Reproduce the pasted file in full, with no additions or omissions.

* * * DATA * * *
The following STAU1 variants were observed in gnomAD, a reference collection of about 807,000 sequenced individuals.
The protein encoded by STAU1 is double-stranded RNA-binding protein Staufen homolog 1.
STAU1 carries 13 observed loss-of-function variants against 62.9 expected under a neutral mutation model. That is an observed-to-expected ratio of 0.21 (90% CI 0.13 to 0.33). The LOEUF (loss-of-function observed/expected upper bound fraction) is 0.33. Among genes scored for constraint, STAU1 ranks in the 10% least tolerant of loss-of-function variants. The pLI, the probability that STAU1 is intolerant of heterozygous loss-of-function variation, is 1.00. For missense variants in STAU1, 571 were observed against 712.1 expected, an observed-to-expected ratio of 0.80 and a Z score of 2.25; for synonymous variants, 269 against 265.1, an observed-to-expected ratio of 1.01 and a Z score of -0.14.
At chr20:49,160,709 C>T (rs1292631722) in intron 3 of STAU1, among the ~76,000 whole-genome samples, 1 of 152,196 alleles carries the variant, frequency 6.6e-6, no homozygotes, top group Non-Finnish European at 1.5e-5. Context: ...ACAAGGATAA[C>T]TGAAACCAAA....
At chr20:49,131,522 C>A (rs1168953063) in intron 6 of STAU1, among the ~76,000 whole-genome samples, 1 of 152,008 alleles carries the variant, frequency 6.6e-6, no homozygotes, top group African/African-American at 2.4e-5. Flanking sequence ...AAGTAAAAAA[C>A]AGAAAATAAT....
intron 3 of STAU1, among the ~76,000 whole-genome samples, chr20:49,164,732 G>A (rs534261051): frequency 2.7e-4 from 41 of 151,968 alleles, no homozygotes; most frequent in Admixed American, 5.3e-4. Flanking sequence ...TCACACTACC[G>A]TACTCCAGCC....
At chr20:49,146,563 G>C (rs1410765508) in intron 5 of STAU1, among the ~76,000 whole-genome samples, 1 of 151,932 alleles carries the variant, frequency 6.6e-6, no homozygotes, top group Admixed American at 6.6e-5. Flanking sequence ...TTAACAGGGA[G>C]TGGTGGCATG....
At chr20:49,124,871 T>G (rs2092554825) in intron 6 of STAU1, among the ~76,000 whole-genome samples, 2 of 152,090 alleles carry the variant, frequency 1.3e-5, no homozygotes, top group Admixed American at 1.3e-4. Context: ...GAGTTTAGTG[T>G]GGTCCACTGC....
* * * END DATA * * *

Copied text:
The following STAU1 variants were observed in gnomAD, a reference collection of about 807,000 sequenced individuals.
The protein encoded by STAU1 is double-stranded RNA-binding protein Staufen homolog 1.
STAU1 carries 13 observed loss-of-function variants against 62.9 expected under a neutral mutation model. That is an observed-to-expected ratio of 0.21 (90% CI 0.13 to 0.33). The LOEUF (loss-of-function observed/expected upper bound fraction) is 0.33. Among genes scored for constraint, STAU1 ranks in the 10% least tolerant of loss-of-function variants. The pLI, the probability that STAU1 is intolerant of heterozygous loss-of-function variation, is 1.00. For missense variants in STAU1, 571 were observed against 712.1 expected, an observed-to-expected ratio of 0.80 and a Z score of 2.25; for synonymous variants, 269 against 265.1, an observed-to-expected ratio of 1.01 and a Z score of -0.14.
At chr20:49,160,709 C>T (rs1292631722) in intron 3 of STAU1, among the ~76,000 whole-genome samples, 1 of 152,196 alleles carries the variant, frequency 6.6e-6, no homozygotes, top group Non-Finnish European at 1.5e-5. Context: ...ACAAGGATAA[C>T]TGAAACCAAA....
At chr20:49,131,522 C>A (rs1168953063) in intron 6 of STAU1, among the ~76,000 whole-genome samples, 1 of 152,008 alleles carries the variant, frequency 6.6e-6, no homozygotes, top group African/African-American at 2.4e-5. Flanking sequence ...AAGTAAAAAA[C>A]AGAAAATAAT....
intron 3 of STAU1, among the ~76,000 whole-genome samples, chr20:49,164,732 G>A (rs534261051): frequency 2.7e-4 from 41 of 151,968 alleles, no homozygotes; most frequent in Admixed American, 5.3e-4. Flanking sequence ...TCACACTACC[G>A]TACTCCAGCC....
At chr20:49,146,563 G>C (rs1410765508) in intron 5 of STAU1, among the ~76,000 whole-genome samples, 1 of 151,932 alleles carries the variant, frequency 6.6e-6, no homozygotes, top group Admixed American at 6.6e-5. Flanking sequence ...TTAACAGGGA[G>C]TGGTGGCATG....
At chr20:49,124,871 T>G (rs2092554825) in intron 6 of STAU1, among the ~76,000 whole-genome samples, 2 of 152,090 alleles carry the variant, frequency 1.3e-5, no homozygotes, top group Admixed American at 1.3e-4. Context: ...GAGTTTAGTG[T>G]GGTCCACTGC....